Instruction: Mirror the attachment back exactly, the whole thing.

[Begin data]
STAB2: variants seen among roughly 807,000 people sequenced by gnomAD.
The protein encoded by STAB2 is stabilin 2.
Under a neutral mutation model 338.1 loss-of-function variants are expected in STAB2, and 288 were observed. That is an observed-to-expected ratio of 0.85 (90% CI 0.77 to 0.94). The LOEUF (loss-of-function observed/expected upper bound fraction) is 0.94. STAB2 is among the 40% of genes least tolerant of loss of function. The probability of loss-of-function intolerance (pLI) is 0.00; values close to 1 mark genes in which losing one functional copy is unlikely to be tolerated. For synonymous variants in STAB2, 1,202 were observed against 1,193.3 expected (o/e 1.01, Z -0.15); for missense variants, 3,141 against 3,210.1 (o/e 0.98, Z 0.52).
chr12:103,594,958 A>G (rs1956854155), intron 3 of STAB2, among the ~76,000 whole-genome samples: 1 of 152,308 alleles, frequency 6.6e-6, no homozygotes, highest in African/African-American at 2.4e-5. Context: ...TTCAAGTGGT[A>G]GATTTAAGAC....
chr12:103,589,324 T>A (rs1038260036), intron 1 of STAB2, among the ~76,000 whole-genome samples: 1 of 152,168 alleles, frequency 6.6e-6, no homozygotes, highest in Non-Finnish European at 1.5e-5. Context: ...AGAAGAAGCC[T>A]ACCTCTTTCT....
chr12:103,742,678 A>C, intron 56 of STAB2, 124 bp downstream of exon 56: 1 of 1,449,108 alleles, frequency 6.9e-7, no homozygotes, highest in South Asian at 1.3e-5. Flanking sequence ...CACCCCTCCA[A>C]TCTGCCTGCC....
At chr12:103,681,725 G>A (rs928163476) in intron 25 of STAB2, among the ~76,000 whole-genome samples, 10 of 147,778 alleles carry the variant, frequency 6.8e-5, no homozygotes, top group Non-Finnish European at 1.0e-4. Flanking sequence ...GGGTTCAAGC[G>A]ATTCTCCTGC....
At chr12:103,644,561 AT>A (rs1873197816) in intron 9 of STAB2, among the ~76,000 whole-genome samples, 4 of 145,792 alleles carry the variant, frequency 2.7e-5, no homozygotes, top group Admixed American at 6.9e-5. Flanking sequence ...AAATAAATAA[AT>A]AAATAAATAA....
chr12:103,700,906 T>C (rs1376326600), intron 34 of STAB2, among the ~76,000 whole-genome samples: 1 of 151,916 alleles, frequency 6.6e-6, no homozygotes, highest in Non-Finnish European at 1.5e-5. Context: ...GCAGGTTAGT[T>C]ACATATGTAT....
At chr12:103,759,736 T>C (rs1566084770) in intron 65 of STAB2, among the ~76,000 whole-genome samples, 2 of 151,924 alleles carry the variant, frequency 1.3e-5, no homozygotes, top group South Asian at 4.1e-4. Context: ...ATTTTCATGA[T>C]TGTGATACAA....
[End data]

STAB2: variants seen among roughly 807,000 people sequenced by gnomAD.
The protein encoded by STAB2 is stabilin 2.
Under a neutral mutation model 338.1 loss-of-function variants are expected in STAB2, and 288 were observed. That is an observed-to-expected ratio of 0.85 (90% CI 0.77 to 0.94). The LOEUF (loss-of-function observed/expected upper bound fraction) is 0.94. STAB2 is among the 40% of genes least tolerant of loss of function. The probability of loss-of-function intolerance (pLI) is 0.00; values close to 1 mark genes in which losing one functional copy is unlikely to be tolerated. For synonymous variants in STAB2, 1,202 were observed against 1,193.3 expected (o/e 1.01, Z -0.15); for missense variants, 3,141 against 3,210.1 (o/e 0.98, Z 0.52).
chr12:103,594,958 A>G (rs1956854155), intron 3 of STAB2, among the ~76,000 whole-genome samples: 1 of 152,308 alleles, frequency 6.6e-6, no homozygotes, highest in African/African-American at 2.4e-5. Context: ...TTCAAGTGGT[A>G]GATTTAAGAC....
chr12:103,589,324 T>A (rs1038260036), intron 1 of STAB2, among the ~76,000 whole-genome samples: 1 of 152,168 alleles, frequency 6.6e-6, no homozygotes, highest in Non-Finnish European at 1.5e-5. Context: ...AGAAGAAGCC[T>A]ACCTCTTTCT....
chr12:103,742,678 A>C, intron 56 of STAB2, 124 bp downstream of exon 56: 1 of 1,449,108 alleles, frequency 6.9e-7, no homozygotes, highest in South Asian at 1.3e-5. Flanking sequence ...CACCCCTCCA[A>C]TCTGCCTGCC....
At chr12:103,681,725 G>A (rs928163476) in intron 25 of STAB2, among the ~76,000 whole-genome samples, 10 of 147,778 alleles carry the variant, frequency 6.8e-5, no homozygotes, top group Non-Finnish European at 1.0e-4. Flanking sequence ...GGGTTCAAGC[G>A]ATTCTCCTGC....
At chr12:103,644,561 AT>A (rs1873197816) in intron 9 of STAB2, among the ~76,000 whole-genome samples, 4 of 145,792 alleles carry the variant, frequency 2.7e-5, no homozygotes, top group Admixed American at 6.9e-5. Flanking sequence ...AAATAAATAA[AT>A]AAATAAATAA....
chr12:103,700,906 T>C (rs1376326600), intron 34 of STAB2, among the ~76,000 whole-genome samples: 1 of 151,916 alleles, frequency 6.6e-6, no homozygotes, highest in Non-Finnish European at 1.5e-5. Context: ...GCAGGTTAGT[T>C]ACATATGTAT....
At chr12:103,759,736 T>C (rs1566084770) in intron 65 of STAB2, among the ~76,000 whole-genome samples, 2 of 151,924 alleles carry the variant, frequency 1.3e-5, no homozygotes, top group South Asian at 4.1e-4. Context: ...ATTTTCATGA[T>C]TGTGATACAA....